If you want no-fault UI, get the law changed, don't carp about the existing law not providing a benefit it's explicitly not intended to.

I actually feel a lot more righteous pointing out how many hardasses are in this thread, throwing the book at a woman who refused to go along with your bullshiat employers-call-all-the-shots ideology.

It looks like people need to crack some more heads to get others to take workers' rights seriously, I guess. When we discuss this, the default position tends to favor the multibillion dollar business world and fark the worker.
 
2014-03-04 12:12:49 AM

whidbey: I actually feel a lot more righteous pointing out how many hardasses are in this thread, throwing the book at a woman who refused to go along with your bullshiat employers-call-all-the-shots ideology.

It looks like people need to crack some more heads to get others to take workers' rights seriously, I guess. When we discuss this, the default position tends to favor the multibillion dollar business world and fark the worker.


Whatever gets you through the day, I guess.  Just so you know, I have collected unemployment -- because my shiatty boss at that job fired me for having a flat tire and not making it to work to do pizza delivery.  So I'm not unsympathetic to people who have been genuinely farked over by random happenstance, their employer, or the economy.  I'm not saying the employer calls all the shots, I'm saying the law does, and she never returned the serve after the first volley.

We wouldn't be having this discussion if this lady's employer had said "You're fired.  Pack your shiat."  Or if she quit because her boss came onto her and wouldn't take no for an answer.  Or the job moved 100 miles away instead of less than 50.  Or there was office politics involved and her firing was retaliation for something.  These are the things UI is there to protect you from -- not your job moving a little way down the road and you being a special snowflake about it.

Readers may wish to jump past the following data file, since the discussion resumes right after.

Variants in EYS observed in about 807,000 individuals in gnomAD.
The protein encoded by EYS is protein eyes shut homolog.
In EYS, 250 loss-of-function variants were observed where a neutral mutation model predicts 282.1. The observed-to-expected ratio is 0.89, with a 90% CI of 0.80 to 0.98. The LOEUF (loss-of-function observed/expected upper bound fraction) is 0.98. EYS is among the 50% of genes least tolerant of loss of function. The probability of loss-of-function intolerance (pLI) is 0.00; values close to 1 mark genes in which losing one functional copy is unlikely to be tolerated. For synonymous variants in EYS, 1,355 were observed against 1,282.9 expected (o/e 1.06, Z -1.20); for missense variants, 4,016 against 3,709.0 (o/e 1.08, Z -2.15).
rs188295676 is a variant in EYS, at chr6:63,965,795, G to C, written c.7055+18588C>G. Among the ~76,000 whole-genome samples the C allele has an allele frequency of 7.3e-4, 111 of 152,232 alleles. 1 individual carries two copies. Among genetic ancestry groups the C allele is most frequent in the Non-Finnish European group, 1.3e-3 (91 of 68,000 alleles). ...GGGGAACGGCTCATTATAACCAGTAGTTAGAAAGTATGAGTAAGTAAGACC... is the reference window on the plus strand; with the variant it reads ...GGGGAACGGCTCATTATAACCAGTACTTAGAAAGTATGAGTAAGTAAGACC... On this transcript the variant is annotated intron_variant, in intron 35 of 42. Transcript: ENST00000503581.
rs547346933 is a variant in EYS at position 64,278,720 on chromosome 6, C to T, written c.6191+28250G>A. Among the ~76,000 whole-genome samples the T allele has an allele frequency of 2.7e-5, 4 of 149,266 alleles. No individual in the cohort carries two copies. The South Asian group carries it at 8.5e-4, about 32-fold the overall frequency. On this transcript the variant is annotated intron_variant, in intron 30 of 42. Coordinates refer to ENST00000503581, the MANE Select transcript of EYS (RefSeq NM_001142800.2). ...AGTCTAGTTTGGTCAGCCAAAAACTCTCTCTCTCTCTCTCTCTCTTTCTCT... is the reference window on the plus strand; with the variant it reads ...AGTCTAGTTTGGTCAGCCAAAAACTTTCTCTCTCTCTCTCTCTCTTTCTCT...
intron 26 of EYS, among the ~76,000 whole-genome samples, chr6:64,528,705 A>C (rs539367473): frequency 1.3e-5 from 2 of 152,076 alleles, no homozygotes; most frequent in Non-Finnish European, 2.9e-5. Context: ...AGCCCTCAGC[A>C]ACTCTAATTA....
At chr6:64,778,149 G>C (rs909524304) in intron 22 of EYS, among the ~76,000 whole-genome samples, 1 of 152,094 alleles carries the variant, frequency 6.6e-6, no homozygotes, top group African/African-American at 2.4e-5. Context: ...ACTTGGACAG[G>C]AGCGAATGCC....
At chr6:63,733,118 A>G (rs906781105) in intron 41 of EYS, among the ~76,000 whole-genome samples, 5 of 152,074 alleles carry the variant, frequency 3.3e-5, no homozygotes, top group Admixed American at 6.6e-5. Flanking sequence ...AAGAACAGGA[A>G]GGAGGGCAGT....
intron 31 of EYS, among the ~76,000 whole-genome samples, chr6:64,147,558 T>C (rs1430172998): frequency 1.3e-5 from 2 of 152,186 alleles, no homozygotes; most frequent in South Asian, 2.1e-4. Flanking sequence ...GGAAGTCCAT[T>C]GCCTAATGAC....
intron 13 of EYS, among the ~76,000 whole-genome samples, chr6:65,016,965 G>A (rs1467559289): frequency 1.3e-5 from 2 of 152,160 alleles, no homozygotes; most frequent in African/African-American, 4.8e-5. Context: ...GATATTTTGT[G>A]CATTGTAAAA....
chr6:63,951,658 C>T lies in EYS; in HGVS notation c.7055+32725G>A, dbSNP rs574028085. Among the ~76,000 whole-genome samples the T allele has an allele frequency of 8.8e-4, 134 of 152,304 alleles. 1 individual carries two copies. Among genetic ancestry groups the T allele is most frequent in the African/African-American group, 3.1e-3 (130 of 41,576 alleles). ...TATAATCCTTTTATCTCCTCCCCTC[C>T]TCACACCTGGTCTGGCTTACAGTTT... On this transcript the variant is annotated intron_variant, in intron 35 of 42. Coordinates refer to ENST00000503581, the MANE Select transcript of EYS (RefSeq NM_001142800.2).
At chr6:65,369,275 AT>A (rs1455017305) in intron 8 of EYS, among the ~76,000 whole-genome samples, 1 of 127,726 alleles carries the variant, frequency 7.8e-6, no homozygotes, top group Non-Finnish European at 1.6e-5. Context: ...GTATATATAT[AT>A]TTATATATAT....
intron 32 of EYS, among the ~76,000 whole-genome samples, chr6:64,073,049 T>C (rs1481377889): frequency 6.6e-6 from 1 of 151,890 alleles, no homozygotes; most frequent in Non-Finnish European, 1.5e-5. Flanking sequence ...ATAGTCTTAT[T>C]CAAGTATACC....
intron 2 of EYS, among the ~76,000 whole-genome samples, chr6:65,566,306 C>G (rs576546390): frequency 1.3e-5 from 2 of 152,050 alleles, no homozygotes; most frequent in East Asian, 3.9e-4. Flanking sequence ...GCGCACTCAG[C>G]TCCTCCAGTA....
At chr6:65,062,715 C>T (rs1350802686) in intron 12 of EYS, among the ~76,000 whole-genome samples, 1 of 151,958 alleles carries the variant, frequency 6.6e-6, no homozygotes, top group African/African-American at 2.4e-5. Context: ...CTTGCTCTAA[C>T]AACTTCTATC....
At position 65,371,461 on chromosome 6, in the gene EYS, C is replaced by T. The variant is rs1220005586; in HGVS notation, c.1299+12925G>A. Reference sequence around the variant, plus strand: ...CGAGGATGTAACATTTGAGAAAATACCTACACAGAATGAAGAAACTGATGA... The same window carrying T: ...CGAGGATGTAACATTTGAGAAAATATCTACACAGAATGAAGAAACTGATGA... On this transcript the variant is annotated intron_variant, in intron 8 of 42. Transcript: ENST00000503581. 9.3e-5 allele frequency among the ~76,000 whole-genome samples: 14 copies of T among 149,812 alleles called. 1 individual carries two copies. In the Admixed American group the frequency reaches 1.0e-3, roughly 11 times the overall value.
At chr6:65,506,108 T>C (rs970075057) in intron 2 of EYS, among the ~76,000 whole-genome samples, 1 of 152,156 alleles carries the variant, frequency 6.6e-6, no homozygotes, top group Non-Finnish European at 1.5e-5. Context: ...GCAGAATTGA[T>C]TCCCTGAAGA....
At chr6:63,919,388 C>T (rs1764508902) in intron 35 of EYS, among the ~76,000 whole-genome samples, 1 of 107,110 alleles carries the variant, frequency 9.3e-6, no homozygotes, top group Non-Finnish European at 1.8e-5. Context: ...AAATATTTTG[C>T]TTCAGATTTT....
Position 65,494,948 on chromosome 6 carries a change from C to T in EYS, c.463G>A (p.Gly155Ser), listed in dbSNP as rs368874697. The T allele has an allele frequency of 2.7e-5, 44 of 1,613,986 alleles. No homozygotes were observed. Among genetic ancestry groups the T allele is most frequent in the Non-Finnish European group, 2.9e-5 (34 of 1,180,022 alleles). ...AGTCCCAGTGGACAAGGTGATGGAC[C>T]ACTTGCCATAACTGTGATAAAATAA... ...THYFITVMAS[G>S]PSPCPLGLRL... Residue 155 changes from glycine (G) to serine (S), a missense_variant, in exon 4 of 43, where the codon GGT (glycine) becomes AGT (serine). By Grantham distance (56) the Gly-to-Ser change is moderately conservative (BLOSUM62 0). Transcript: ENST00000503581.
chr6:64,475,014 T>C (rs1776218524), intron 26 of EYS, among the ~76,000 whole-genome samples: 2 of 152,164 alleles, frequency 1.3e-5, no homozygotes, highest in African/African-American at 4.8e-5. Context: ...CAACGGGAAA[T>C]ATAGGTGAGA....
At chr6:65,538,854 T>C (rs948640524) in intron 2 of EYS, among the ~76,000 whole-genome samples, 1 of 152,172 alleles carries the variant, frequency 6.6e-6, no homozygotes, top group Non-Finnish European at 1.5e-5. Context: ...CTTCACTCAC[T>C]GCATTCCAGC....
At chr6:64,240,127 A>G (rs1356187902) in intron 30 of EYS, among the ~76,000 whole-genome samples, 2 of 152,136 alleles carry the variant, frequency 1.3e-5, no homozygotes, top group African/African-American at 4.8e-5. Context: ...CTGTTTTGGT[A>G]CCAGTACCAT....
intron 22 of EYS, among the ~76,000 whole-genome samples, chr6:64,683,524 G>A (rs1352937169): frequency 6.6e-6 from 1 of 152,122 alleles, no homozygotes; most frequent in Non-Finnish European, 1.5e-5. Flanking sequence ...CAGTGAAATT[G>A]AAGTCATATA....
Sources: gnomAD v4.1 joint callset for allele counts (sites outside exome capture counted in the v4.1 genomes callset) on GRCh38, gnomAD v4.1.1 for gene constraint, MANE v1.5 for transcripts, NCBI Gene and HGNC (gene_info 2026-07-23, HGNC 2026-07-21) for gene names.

And no, for those who think the extra gas expense would be such a killer, it really wouldn't.  Gas prices in that area are running about $3.60 a gallon right now.  If we assume a conservative mileage of 25 MPG, the extra 70 miles a day is about 3 gallons or a whole $10.80.  I'm gonna guess, though, she's not driving my 1997 Accord that got those mileage figures and is in something more like my current Civic getting 32 MPG, so the extra expense is around $8.00 a day.  Sure, it sucks to lose 45 minutes to an hour's pay in commuting costs.  That's why you make do while you look for another job closer to home if you really feel so put out by that commute that you just can't bear it.
 
2014-03-04 12:47:04 AM

Kensey: whidbey: I actually feel a lot more righteous pointing out how many hardasses are in this thread, throwing the book at a woman who refused to go along with your bullshiat employers-call-all-the-shots ideology.

It looks like people need to crack some more heads to get others to take workers' rights seriously, I guess. When we discuss this, the default position tends to favor the multibillion dollar business world and fark the worker.

Whatever gets you through the day, I guess.  Just so you know, I have collected unemployment -- because my shiatty boss at that job fired me for having a flat tire and not making it to work to do pizza delivery.  So I'm not unsympathetic to people who have been genuinely farked over by random happenstance, their employer, or the economy.  I'm not saying the employer calls all the shots, I'm saying the law does, and she never returned the serve after the first volley.

We wouldn't be having this discussion if this lady's employer had said "You're fired.  Pack your shiat."  Or if she quit because her boss came onto her and wouldn't take no for an answer.  Or the job moved 100 miles away instead of less than 50.  Or there was office politics involved and her firing was retaliation for something.  These are the things UI is there to protect you from -- not your job moving a little way down the road and you being a special snowflake about it.

And no, for those who think the extra gas expense would be such a killer, it really wouldn't.  Gas prices in that area are running about $3.60 a gallon right now.  If we assume a conservative mileage of 25 MPG, the extra 70 miles a day is about 3 gallons or a whole $10.80.  I'm gonna guess, though, she's not driving my 1997 Accord that got those mileage figures and is in something more like my current Civic getting 32 MPG, so the extra expense is around $8.00 a day.  Sure, it sucks to lose 45 minutes to an hour's pay in commuting costs.  That's why you make do while you look for another job closer to ...


Again, if you're so sympathetic, why are you defending the wrong side of the argument? And the gas thing is enough for me. I do not feel it is cost-effective to commute that far for a shiat-wage job. Neither should you.